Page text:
Ninian Stephen spent his boyhood in Europe and the UK, attending St Paul’s in 1937-38, before emigrating to Australia in early 1940 with his Scottish mother, Barbara Stephen (nee Cruickshank) and Australian guardian, Nina Mylne.
His days at St Paul’s followed years at George Watson’s College and the Edinburgh Academy, and were followed by Chillon College (Switzerland) and Scotch College (Melbourne, Australia). It was a peripatetic early life, shaped by two women with strong aspirations for his education and happiness, and also by international affairs. His parents’ WWI marriage did not survive peacetime. Ninian never met his father, and the outbreak of WWII took him to Australia. He embraced, and was formed by, that new world: as part of the Australian Infantry Force (1942-46), posted in the Australian Outback and New Guinea; by his long and loving marriage to Valery (nee Sinclair); and by his career as barrister and judge (Supreme Court of Victoria 1970-72, High Court of Australia 1972-82) and as Governor-General of Australia (1982-1989).
During his time as Governor-General, he and Valery met thousands of Australians. They travelled widely in remote Australia, the Torres Strait Islands and the Pacific, welcomed distinguished visitors to Australia’s Bicentenary celebrations (1988), and met regularly with Queen Elizabeth. In 1985, he effected the formal transfer of Ayers Rock (now known as Uluru) to its traditional owners, and described its significance: “To those of us who live far away, in the cities strung out along our continent’s sweep of coastline in a great arc around ‘the Rock’, it beckons insistently – drawing us inland to discover and learn to understand the vastness of our land. … For many Aboriginal people, this place has still deeper meaning and deep spiritual significance, a significance whose roots go back to time immemorial. And now, today, the Uluru-Katatjuta Aboriginal land trust becomes the custodian of this heartland of Australia.”
For a further 15 years, Ninian Stephen worked across the globe on conflict resolution – as judge, diplomat, advocate and conciliator – for the UN, the ILO, the Commonwealth of Nations, and the Australian and British governments.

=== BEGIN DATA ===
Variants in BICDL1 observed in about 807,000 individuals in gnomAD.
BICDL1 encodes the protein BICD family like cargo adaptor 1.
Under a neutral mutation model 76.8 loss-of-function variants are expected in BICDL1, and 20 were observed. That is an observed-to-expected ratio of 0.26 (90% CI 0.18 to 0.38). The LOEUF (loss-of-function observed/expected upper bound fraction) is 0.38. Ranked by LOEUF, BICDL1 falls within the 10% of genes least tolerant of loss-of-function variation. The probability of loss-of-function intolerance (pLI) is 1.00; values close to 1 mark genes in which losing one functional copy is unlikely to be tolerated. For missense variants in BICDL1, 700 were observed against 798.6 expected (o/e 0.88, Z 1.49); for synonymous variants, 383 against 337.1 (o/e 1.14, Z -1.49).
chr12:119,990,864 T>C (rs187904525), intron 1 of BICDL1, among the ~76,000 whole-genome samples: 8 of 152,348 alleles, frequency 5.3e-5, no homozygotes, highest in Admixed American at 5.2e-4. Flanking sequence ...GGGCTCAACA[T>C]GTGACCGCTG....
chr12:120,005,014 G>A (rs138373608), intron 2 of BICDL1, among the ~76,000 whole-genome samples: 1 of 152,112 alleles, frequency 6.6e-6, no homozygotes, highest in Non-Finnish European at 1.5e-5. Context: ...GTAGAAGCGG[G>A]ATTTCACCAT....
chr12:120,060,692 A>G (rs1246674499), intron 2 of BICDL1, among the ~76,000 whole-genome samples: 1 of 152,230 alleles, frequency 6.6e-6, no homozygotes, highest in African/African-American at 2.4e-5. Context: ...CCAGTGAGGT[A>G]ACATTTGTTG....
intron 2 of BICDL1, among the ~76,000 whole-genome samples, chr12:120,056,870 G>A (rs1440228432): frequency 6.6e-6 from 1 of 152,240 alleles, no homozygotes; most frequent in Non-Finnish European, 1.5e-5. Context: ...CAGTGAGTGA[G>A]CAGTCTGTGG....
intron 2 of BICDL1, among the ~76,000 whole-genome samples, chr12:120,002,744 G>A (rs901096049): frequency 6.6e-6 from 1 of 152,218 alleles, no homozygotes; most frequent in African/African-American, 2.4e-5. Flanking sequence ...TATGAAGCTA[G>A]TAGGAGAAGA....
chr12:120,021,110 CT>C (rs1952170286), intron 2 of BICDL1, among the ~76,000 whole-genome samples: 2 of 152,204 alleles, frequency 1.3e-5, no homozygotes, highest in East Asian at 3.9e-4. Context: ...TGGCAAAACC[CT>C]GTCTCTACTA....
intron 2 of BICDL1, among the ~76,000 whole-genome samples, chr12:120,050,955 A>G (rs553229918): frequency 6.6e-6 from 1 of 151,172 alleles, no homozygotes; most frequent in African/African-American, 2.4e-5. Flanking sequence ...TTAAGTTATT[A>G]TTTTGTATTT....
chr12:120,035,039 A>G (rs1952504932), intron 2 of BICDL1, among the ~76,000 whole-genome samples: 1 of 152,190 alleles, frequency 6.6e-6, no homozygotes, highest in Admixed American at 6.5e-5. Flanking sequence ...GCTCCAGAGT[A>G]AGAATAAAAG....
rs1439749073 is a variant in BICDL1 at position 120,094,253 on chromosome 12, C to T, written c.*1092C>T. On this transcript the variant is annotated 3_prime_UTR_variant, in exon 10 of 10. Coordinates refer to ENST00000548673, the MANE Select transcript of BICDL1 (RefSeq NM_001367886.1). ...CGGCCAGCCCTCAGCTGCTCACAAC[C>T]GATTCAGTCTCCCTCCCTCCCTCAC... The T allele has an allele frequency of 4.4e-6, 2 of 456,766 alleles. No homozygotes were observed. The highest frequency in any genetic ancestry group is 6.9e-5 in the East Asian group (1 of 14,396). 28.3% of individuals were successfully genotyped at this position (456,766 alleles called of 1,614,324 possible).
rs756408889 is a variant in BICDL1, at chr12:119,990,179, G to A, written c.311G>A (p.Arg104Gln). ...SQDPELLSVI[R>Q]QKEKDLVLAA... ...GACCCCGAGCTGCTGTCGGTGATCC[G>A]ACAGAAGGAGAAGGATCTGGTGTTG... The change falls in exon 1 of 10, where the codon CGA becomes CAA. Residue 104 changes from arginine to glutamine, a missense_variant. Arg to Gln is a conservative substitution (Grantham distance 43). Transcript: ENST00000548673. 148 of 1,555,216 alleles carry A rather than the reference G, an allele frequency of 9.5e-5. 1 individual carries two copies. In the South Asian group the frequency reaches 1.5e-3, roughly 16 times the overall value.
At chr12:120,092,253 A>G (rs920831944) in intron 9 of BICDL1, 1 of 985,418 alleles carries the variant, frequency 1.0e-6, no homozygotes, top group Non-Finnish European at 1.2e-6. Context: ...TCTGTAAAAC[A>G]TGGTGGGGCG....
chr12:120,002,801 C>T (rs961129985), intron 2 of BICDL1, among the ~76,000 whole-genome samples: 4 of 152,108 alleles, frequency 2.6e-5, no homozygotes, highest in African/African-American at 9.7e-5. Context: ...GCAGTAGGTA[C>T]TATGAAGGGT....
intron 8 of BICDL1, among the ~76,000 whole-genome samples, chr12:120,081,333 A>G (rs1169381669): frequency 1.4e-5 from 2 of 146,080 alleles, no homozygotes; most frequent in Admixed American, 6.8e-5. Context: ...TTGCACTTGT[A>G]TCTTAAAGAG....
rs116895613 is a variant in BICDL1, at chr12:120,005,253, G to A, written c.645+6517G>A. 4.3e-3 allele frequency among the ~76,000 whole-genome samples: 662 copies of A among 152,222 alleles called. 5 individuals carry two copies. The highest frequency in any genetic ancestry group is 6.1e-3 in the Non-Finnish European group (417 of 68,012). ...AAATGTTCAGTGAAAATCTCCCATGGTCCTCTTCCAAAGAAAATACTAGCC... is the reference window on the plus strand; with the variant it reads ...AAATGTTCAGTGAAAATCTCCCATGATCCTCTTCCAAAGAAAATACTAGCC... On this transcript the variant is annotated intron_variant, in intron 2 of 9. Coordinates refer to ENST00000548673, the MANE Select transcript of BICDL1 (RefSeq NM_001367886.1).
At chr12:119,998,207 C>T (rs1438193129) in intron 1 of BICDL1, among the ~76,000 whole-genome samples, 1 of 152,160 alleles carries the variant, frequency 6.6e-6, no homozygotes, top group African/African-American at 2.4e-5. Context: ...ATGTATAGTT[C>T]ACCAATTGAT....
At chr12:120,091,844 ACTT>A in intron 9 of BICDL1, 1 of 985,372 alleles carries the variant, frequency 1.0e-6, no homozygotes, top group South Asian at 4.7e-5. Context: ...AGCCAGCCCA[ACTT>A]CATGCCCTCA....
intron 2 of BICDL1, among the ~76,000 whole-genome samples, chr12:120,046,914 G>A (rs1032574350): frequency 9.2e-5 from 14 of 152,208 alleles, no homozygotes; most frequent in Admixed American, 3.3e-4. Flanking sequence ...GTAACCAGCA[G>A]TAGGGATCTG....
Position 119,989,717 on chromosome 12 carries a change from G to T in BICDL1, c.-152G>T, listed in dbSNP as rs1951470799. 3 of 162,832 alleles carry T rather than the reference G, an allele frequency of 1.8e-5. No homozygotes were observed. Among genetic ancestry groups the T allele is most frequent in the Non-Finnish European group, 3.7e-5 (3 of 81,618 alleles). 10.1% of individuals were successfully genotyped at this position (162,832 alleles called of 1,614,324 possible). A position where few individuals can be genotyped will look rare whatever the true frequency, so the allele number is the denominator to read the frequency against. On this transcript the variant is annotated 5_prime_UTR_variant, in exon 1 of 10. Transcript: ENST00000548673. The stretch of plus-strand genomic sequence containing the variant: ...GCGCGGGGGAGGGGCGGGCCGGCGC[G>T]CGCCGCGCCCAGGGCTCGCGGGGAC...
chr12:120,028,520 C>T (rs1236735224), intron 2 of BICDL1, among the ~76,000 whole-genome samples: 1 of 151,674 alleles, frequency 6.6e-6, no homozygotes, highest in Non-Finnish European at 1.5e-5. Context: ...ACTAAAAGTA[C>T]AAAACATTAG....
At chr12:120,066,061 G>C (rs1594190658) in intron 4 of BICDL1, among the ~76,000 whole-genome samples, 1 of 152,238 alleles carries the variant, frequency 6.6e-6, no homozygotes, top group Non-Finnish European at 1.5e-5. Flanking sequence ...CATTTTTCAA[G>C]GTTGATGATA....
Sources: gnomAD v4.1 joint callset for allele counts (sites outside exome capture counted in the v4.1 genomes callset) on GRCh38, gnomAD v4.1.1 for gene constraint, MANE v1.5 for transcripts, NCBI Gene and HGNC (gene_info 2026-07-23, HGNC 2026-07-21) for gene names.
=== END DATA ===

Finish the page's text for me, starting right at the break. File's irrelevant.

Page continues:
As Australia’s Ambassador for the Environment he advocated on climate change and the mining ban in Antarctica; as a founding judge of the International Criminal Tribunal for the Former Yugoslavia, he sat on the first of this generation of war crimes prosecutions and played a leading role in drafting new rules and procedures; and as chair, he steered the 1992 power-sharing talks in Belfast between rival Catholic and Protestant officials. He also advised on South Africa’s constitution; investigated forced labour in Burma; mediated between government and opposition in Bangladesh; and helped to set up a tribunal on the Khmer Rouge atrocities.
Ninian Stephen received a Knighthood in the Order of the Garter in 1994. At this death, the Australian Prime Minister, Malcolm Turnbull noted: “Australia will remember Sir Ninian for his humility, his intellect, and his lifelong commitment to justice and the rule of law.” Gareth Evans (Australian Foreign Minister 1988-96) said of him: “No Australian in living memory was more widely admired and respected, both here and internationally.”
Ninian Stephen is survived by his wife, Valery, and five daughters, Mary, Ann, Sarah, Jane and Elizabeth.